By Claudette Roulo
American Forces Press Service
WASHINGTON, Oct. 17, 2012 – The Defense Department is developing an energy strategy that will carry it forward for decades, Sharon E. Burke, assistant secretary of defense for operational energy plans and programs said today at the Naval Energy Forum.
The challenge is to build a force that will serve the U.S. well into the 21st century -- a future that isn’t easy to foresee, Burke said.
Taking the long view is a “tough business,” she said, but this is an especially interesting time for the nation and the Defense Department as policymakers figure out how they want to build the future force.
“It all comes down to mission and money,” she said. That means determining whether energy plans can help accomplish a mission better and more reliably, and whether they can save money.
Afghanistan is the source of several lessons for energy planning, Burke said.
“The lessons that we’re learning there have resonance for the future,” she said.
DOD uses 50 million gallons of fuel in Afghanistan every month, Burke said, noting that the department can do better.
“Efficiency is not a dirty word,” Burke said. “Efficiency and effectiveness can go together. ... I know warfighters need what they need to get the job done.” But it takes a huge amount of fuel to field a modern military force, in addition to what’s expended to protect the movement of that fuel.
And while contested environments are inherently risky, Burke said, the U.S. doesn’t yet do enough to control the way it uses fuel -- something that’s changing.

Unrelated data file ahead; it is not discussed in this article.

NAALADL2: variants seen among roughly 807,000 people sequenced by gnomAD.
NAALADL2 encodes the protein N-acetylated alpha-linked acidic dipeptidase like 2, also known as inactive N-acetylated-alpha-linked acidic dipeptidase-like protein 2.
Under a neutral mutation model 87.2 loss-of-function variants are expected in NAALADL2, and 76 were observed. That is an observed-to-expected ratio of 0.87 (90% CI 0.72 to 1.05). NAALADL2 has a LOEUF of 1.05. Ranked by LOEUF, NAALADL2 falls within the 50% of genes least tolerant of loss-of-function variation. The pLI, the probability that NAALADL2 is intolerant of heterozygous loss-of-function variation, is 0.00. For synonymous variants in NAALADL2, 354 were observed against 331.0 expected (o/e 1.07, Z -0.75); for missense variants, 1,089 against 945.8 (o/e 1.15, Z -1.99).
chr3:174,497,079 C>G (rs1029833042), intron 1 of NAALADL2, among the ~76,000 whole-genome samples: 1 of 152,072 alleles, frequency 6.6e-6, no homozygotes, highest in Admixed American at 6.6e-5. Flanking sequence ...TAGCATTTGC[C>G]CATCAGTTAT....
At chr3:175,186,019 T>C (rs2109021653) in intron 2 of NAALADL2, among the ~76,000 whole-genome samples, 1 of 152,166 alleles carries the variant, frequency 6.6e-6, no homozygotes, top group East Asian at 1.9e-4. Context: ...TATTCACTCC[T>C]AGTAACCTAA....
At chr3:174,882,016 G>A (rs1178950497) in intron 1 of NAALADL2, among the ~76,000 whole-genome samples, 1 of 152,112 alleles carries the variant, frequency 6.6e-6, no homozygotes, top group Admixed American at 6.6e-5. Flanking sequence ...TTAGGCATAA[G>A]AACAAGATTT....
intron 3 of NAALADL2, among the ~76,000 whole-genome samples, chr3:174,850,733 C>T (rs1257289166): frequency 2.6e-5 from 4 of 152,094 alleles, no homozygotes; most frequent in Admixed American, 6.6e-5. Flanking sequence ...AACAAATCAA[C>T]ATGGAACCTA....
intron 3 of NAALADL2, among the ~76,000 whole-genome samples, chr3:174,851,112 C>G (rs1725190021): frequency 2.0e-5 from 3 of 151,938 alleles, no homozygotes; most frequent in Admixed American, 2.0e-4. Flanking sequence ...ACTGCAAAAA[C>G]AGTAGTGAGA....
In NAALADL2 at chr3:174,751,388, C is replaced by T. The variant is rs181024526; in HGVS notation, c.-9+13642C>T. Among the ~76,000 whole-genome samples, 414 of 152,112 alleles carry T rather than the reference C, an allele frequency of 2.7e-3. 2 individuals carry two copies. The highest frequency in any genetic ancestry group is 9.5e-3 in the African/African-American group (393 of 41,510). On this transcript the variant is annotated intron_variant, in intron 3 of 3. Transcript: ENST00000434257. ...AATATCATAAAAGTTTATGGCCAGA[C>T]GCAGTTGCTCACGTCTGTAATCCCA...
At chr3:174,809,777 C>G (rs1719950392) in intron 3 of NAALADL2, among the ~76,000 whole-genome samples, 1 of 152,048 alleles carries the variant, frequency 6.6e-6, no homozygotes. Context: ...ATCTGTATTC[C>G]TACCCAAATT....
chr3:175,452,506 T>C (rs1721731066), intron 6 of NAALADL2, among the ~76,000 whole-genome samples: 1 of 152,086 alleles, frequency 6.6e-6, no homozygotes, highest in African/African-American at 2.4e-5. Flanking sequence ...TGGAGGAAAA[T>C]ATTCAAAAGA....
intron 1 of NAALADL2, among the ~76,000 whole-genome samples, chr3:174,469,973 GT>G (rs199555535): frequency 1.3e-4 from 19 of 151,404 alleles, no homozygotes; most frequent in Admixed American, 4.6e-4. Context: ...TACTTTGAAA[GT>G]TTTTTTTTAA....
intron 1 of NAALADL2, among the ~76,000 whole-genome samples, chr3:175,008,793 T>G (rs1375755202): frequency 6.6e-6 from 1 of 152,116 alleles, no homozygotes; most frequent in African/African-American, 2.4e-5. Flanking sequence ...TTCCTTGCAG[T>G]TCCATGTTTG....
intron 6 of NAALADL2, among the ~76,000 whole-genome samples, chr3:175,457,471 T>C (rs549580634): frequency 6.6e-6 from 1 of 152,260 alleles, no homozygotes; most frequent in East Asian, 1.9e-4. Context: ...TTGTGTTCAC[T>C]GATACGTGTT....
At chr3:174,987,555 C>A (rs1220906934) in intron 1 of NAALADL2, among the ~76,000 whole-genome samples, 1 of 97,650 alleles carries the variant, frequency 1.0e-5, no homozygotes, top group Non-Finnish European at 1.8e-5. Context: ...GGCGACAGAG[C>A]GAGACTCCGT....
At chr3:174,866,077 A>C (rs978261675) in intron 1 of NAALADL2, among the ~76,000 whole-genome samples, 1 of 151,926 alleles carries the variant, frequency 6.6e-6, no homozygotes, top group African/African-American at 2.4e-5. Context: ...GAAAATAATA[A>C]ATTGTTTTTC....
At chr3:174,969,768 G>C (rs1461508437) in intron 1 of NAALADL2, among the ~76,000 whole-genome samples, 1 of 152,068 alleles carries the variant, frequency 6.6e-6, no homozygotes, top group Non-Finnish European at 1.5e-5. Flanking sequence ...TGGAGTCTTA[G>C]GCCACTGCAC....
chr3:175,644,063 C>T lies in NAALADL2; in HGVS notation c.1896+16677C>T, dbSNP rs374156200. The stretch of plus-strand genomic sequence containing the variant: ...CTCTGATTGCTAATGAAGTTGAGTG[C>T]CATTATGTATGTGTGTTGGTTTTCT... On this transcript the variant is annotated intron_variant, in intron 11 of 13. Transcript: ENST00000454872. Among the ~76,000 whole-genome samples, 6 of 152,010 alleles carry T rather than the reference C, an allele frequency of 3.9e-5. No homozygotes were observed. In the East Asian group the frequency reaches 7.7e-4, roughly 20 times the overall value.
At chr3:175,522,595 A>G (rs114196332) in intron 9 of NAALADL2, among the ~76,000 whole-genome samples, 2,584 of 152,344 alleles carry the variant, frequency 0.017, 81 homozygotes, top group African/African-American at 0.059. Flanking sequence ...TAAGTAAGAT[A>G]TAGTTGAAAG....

Increasingly, the military is taking fuel off the battlefield through more energy-conscious operational planning, concepts of operation, specifications and requirements of major platforms and the way equipment is used, Burke said.
The military is extremely reliant on petroleum-based fuels and lubricants and batteries, Burke said.
Alternative fuels receive a lot of attention, she noted, but new technologies like propeller coatings, solid-state lighting and gas turbine refinements are contributing to the efficiency of the force.
The U.S. can have a more effective force when it needs less fuel in the first place, Burke said, due to lowered risk provided by transporting less fuel and reduced operational costs.
Economy of force is going to matter in the long view, because Afghanistan has been just a small taste of what anti-access/area denial requires of the military. And that was against a relatively ill-equipped foe, she said. “It’s not going to get any easier.”
Energy considerations are becoming part of the acquisition process, she said, noting “the supply side matters.”
“When you’re talking about the tactical edge,” she said, “with these small combat outposts, moving the fuel to that last tactical mile is the most dangerous, the most difficult, and sometimes, the most tactically operationally significant.”
Finding ways to make those outposts less dependent on the supply line, while ensuring forward-deployed personnel still have the energy they need to operate, is a very worthy effort, Burke said. Solar power, she added, is one method being tested to give troops a way to operate without the burden of having to maintain fuel supply lines.
Efficiency and supply line concerns are important, Burke said, but building capability into the future force is essential.
“Once we field a force, our ability to improve it, to make it fundamentally better … is limited,” she said. DOD can do some very important things, like rapid fielding of new equipment and refurbishing older equipment, but that isn’t the most efficient means of solving problems.
“We have to get into how we actually plan, require and acquire,” Burke said. “We have to get to a point where we’re not making convenient assumptions that we’ll have perfect access and perfect allies and perfect supplies and everything will arrive where we need it, when we need it … because that’s not the world that we live in now, and it’s not the world that we’re going to be living in for the long view.
“I think we need to be challenging ourselves more,” she added. “We need to see energy as the enabler that it is -- as a critical enabler that you can’t take for granted.”